Don’t Freak Out: 5 Ways to Combat Anxiety During Inpatient Drug Rehab Treatment
While the physical effects of recovery can be distressing in their own right, the psychological turmoil can be equally unsettling. More often than not, people going through inpatient drug rehab treatment experience intense feelings of anxiety as the brain tries to adapt to a drug-free state.
Fortunately, inpatient drug rehab treatment encompasses a range of interventions designed to help you overcome addiction’s aftereffects. If you’ve been struggling with ongoing anxiety and feel as if you can’t take it any longer, here are five ways to combat anxiety during inpatient drug rehab treatment:
1. Employ Behavioral Therapy Techniques
A big part of the inpatient drug rehab treatment process entails developing ways of coping with daily life pressures without the need for drugs. According to the Substance Abuse & Mental Health Services Administration, behavioral therapy treatment works to help a person identify destructive thinking patterns while providing techniques for handling stressful periods as well as managing anxiety episodes. Behavioral therapy techniques to consider include:
- Seeing the anxiety-causing situation from a purely objective viewpoint
- Breathing exercises
2. Use Your Support System
During your stay in inpatient drug rehab treatment, your fellow residents and your treatment team comprise a support system that works to encourage continued abstinence. In effect, your support system plays an essential role in the recovery process, both now and in the future.
Talking things through with other residents, your doctor or your counselor can help with managing anxiety levels as well as working through any underlying issues that fuel anxiety feelings.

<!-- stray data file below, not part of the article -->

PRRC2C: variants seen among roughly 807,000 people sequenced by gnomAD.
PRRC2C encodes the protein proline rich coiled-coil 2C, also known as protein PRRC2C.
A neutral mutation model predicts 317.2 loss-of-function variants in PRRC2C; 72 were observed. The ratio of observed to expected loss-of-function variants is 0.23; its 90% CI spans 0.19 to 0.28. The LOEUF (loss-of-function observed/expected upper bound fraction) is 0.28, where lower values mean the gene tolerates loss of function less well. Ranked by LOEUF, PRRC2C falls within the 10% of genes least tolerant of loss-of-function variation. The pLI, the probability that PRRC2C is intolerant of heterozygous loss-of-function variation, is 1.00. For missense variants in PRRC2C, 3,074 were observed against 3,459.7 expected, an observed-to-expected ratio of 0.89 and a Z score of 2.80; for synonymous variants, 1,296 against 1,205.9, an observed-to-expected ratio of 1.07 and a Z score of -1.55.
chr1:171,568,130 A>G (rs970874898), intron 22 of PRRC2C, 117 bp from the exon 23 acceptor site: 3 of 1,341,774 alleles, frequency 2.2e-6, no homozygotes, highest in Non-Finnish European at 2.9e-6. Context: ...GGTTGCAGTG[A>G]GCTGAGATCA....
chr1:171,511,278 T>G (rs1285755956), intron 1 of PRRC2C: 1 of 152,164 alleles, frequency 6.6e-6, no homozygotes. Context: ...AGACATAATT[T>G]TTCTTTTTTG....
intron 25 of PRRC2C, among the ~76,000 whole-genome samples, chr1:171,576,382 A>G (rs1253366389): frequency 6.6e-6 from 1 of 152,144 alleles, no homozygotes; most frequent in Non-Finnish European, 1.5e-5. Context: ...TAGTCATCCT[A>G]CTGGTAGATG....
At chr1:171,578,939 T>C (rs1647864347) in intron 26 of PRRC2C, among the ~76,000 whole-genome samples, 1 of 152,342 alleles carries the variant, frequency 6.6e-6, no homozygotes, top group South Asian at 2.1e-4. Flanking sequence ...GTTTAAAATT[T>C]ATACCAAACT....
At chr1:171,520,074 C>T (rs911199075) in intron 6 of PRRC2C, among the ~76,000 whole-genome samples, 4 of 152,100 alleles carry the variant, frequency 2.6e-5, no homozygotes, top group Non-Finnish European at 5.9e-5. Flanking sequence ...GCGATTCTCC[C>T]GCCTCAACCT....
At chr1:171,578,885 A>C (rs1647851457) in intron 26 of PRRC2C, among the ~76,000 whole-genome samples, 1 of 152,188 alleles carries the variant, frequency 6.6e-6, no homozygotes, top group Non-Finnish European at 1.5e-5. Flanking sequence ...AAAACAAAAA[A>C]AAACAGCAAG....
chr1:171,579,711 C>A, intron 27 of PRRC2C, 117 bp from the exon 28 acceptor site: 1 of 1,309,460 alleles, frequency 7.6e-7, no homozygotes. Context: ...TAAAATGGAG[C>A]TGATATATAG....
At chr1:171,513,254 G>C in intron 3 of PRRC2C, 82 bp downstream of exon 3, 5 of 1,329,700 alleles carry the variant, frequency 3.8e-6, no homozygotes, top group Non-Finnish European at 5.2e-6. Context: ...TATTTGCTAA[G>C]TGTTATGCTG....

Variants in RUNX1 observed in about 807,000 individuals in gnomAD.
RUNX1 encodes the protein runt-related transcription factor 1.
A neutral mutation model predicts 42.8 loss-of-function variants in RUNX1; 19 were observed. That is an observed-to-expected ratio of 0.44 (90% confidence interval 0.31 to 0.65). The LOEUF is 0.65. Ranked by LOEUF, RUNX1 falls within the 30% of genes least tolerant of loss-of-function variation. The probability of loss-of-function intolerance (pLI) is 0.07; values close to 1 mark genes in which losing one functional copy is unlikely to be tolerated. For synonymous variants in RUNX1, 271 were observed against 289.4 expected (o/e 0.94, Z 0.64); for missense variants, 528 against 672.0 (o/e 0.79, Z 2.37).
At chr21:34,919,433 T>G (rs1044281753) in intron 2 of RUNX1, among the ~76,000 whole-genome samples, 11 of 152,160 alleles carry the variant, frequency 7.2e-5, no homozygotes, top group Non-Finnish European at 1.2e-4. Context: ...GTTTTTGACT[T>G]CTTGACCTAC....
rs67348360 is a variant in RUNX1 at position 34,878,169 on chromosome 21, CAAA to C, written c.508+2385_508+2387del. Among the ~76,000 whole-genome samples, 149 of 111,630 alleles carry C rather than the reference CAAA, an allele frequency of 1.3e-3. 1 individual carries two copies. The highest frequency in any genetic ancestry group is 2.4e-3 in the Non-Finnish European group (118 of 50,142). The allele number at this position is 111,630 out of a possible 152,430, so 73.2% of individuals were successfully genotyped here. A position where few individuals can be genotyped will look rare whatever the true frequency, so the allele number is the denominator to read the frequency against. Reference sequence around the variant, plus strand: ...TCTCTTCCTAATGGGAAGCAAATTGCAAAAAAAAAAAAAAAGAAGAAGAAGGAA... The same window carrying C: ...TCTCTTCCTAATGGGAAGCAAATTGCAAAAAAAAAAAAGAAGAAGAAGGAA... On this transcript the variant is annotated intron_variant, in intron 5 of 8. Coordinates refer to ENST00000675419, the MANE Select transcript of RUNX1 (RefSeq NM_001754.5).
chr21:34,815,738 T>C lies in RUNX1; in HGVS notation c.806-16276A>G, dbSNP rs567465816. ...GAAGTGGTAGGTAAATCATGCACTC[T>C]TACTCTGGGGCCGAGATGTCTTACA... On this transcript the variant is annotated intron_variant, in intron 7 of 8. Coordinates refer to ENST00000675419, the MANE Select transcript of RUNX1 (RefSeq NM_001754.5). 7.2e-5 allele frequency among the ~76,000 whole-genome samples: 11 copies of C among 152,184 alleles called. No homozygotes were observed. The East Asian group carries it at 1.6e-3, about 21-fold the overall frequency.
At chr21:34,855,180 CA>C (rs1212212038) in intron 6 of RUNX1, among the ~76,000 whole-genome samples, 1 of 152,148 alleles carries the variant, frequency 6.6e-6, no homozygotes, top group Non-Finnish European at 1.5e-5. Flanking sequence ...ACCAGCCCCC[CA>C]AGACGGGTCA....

Not sure if your insurance will help cover your treatment costs? Call our helpline at 800-681-7369 for more information.
By the time a person enters inpatient drug rehab treatment, the brain and body have undergone considerable damage from the effects of chronic drug abuse. Feelings of anxiety not only result from drug withdrawal, but also from the brain and body’s overall weakened state.
Exercise can work wonders in terms of releasing excess energy and relieving stress. According to the Journal of Frontiers in Psychiatry, exercise also helps strengthen the body and supports its repair mechanisms as it recoups from months or years of drug abuse. Incorporating an exercise routine within your daily schedule can go a long way towards taking the edge of anxiety.
4. Eliminate Sugar & Caffeine
Anything that helps the brain and body cope in the absence of drugs can only work for your benefit. This includes the types of food that make up your daily dietary intake. Sugar and caffeine, in particular, only work to increase energy levels and aggravate anxiety states. By replacing these items with more healthy choices, such as fruit or even decaffeinated beverages can help relieve feelings of anxiety over time.
5. Consult with Your Physician
Sometimes recurrent anxiety episodes may be a sign of an anxiety disorder. When this is the case, some form of treatment may needed, such as medication to help relieve anxiety symptoms. Consult with your doctor to see if anxiety symptoms warrant a more direct treatment approach.
If you or someone you know struggles with anxiety in recovery and are considering inpatient drug rehab treatment, please feel free to call our toll-free helpline at 800-681-7369 to speak with one of our addictions specialists.